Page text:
Ten steps to keeping your vehicle and its contents safe

Busy car park, day.

Published 9 April 2021
Last updated 12 April 2021

We provide tips to keep your vehicle and its contents secure. Plus information on Parkmark, Vehicle Watch and the National Mobile Property Register.

Do you perform the ‘3-step check’ before leaving the house? For those readers who do not know what this is, allow me to explain. The 3-step check goes as follows

  • Do I have my purse or wallet? Check.
  • Do I have my keys? Check.
  • Do I have my phone? Check.

These little readiness checks ensure a smooth start to the day and help to reduce our worries that we’ve left something behind or, worse, unlocked.

Now think about whether you repeat routine checks every time you leave your vehicle.

Our vehicles are such an essential part of our lives that it can be very easy to take their presence for granted and forget that we should be alert for vehicle-related crime at all times. Why? Well, in 2020 alone, there were 74,769 vehicles reported as stolen.1

Do you want to keep your vehicle and its contents safe? Then follow our top 10 dos and don’ts of vehicle security.

  1. Do lock your doors and glove compartment. Research has shown that adults forget, on average, 3 things a day – do not let locking your vehicle be one of them! If your vehicle has keyless entry, try the door before you leave; thieves can use blocking devices against locking systems.
  2. Do not leave your valuables on display. Hide any purses, wallets, phones or devices in a lockable place, such as the glove compartment or boot. Remove your satellite navigation system – and do not forget the cradle! An empty cradle on the windscreen or dashboard is a sure sign that a sat nav is hiding in the vehicle.
  3. Do plan where you park. If possible, park somewhere that’s well lit and visible. Park facing an obstacle such as a wall or bollard; this will stop any quick getaways if the worst should happen. If you’re in an area that you’re unfamiliar with, use www.parkmark.co.uk to find a car park that’s been approved by the police.
  4. Do not leave your vehicle running unattended, even if just to step away for a short period of time. We cannot plan for distractions, but we can plan for our vehicles to be safe should they happen.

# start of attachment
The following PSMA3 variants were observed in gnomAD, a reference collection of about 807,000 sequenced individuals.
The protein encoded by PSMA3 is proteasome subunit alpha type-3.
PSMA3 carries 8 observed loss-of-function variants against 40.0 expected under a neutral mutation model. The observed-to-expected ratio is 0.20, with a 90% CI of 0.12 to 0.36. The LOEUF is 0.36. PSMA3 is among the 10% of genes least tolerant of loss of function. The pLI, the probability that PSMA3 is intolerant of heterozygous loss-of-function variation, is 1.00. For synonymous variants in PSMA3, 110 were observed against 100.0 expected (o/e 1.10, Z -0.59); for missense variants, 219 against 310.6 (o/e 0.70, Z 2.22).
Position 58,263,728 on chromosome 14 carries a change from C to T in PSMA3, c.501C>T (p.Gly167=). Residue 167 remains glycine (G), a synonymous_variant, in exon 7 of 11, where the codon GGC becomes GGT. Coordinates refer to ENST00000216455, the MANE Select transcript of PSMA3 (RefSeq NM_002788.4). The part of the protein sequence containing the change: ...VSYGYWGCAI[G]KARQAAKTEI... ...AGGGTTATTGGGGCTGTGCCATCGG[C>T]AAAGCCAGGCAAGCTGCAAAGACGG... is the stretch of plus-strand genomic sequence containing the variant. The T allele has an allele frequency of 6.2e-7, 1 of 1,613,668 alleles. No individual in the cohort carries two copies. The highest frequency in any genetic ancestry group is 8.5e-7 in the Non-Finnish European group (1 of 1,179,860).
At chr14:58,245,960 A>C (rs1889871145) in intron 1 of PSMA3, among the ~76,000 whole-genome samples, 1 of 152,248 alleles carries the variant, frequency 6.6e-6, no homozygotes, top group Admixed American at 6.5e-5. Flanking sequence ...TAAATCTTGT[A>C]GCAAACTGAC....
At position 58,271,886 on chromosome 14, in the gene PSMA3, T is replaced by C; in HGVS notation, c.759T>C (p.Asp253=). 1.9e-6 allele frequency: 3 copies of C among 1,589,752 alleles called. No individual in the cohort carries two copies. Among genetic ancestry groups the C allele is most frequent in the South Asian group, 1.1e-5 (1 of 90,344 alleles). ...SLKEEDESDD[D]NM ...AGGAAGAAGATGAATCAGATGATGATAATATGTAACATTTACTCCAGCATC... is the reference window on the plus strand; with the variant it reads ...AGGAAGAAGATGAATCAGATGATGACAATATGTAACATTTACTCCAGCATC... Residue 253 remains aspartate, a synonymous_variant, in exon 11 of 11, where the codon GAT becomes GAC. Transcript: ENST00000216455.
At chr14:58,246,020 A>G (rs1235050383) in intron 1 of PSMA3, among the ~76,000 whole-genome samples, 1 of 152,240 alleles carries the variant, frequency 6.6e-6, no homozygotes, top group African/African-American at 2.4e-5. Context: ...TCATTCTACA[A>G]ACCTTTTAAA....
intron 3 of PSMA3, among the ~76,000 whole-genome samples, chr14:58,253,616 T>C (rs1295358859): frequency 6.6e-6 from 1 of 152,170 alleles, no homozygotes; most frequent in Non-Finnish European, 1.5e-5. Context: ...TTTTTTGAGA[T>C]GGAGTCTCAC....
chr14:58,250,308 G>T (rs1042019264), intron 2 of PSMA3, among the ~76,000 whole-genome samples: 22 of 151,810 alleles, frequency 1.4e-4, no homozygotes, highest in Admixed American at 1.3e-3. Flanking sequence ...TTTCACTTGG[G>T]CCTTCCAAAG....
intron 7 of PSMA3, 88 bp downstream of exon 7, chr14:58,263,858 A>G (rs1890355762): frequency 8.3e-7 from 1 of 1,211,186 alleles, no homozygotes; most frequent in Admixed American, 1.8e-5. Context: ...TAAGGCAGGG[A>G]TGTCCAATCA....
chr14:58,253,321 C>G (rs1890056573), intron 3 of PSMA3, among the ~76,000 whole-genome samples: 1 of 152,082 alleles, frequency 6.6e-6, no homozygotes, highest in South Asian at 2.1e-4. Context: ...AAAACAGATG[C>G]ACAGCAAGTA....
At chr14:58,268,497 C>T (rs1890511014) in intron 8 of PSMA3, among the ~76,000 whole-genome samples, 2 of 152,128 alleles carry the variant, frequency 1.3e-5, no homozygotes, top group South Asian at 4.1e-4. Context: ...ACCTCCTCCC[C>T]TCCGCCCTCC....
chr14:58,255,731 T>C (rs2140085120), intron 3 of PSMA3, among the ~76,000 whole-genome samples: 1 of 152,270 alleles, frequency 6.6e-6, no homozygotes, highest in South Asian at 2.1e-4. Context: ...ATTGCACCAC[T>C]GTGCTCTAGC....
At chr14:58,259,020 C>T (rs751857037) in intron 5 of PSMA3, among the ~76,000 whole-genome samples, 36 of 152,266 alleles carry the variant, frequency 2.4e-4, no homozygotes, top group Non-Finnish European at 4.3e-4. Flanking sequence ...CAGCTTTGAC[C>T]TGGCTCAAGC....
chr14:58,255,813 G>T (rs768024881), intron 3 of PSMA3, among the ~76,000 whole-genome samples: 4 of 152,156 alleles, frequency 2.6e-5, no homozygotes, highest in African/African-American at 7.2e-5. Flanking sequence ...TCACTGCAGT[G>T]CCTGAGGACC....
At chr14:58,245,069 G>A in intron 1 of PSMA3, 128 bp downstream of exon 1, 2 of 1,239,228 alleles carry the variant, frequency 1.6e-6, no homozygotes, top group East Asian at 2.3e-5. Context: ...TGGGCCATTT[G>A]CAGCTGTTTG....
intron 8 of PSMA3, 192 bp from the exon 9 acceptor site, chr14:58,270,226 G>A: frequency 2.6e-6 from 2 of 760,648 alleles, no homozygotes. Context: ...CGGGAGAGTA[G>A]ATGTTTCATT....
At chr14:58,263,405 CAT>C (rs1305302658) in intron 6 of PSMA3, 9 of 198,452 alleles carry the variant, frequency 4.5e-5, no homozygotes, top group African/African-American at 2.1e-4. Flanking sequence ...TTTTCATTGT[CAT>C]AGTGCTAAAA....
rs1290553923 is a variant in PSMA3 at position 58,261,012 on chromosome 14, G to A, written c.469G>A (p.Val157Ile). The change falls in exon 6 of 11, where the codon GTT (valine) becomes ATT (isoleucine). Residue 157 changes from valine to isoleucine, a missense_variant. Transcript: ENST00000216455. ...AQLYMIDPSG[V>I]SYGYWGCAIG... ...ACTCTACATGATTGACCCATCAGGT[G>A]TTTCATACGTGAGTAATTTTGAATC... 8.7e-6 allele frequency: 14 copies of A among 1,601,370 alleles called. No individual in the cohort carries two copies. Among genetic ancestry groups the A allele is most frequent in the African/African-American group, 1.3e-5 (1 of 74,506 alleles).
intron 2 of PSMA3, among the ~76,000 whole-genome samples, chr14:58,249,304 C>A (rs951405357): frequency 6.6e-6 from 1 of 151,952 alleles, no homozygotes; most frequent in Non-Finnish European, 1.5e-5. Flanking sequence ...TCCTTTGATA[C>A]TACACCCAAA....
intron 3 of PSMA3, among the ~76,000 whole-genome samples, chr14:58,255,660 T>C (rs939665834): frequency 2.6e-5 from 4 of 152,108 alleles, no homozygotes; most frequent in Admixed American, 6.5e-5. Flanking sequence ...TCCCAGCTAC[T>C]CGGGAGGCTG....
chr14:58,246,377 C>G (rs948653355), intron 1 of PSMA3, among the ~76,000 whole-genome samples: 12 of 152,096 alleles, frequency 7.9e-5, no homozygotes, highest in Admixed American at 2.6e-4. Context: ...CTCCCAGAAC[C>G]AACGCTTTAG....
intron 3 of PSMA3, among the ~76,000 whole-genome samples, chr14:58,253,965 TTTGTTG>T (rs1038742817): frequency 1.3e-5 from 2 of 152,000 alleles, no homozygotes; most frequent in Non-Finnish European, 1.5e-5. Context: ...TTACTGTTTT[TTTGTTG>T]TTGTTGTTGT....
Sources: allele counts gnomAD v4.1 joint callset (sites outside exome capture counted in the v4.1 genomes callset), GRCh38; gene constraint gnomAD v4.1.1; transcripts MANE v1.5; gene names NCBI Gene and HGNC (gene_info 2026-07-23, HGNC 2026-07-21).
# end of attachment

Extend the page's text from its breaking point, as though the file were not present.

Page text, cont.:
5. Do join the National Mobile Property Register. This is the police’s national record of stolen items; you can register your vehicle with them, so if it’s stolen it will be searchable on the database. It’s free, it takes 5 minutes, it gives you peace of mind – what’s not to like?
  6. Do not leave your windows open. If you have electric windows, press and hold that button. If you have manual ‘keep fit’ windows, give your arms a workout and turn until you can turn no more! The obvious exception to this rule is if there’s a pet in the vehicle. It’s best not to leave animals unattended in your vehicle but, if it’s unavoidable, then make sure it’s only for a short period of time and leave the window open just a crack to let in fresh air.
  7. Do join a Vehicle Watch scheme, if there’s one in your area. You’ll be provided with high-visibility stickers which, if applied, invite the police to stop your vehicle if it’s seen in use between midnight and 5am. Interested? Ask your local crime prevention officer for more information.
  8. Do not leave any documents showing your address in the car. This includes your V5C vehicle registration document. If this document falls into the wrong hands, it could be used for fraudulent purposes.
  9. Do store your vehicle keys out of sight in your house. Avoid placing the key rack near any letterboxes or windows. If your vehicle keys are on the same keyring as your house keys, do not leave them in the door.
  10. Do not forget your number plate: make sure it’s theft proof. If a thief transferred your number plates to another vehicle, you’d receive any parking or speeding fines they collected. You can buy theft-resistant number plates, which are designed to break apart if forcibly removed. Security screws can also be used and fitted with standard tools.

You can read more about vehicle security in The Official DVSA Guide to Driving – the essential skills.

1 see: https://www.thisismoney.co.uk/money/cars/article-9187613/What-cars-stolen-2020-according-DVLA-data.html

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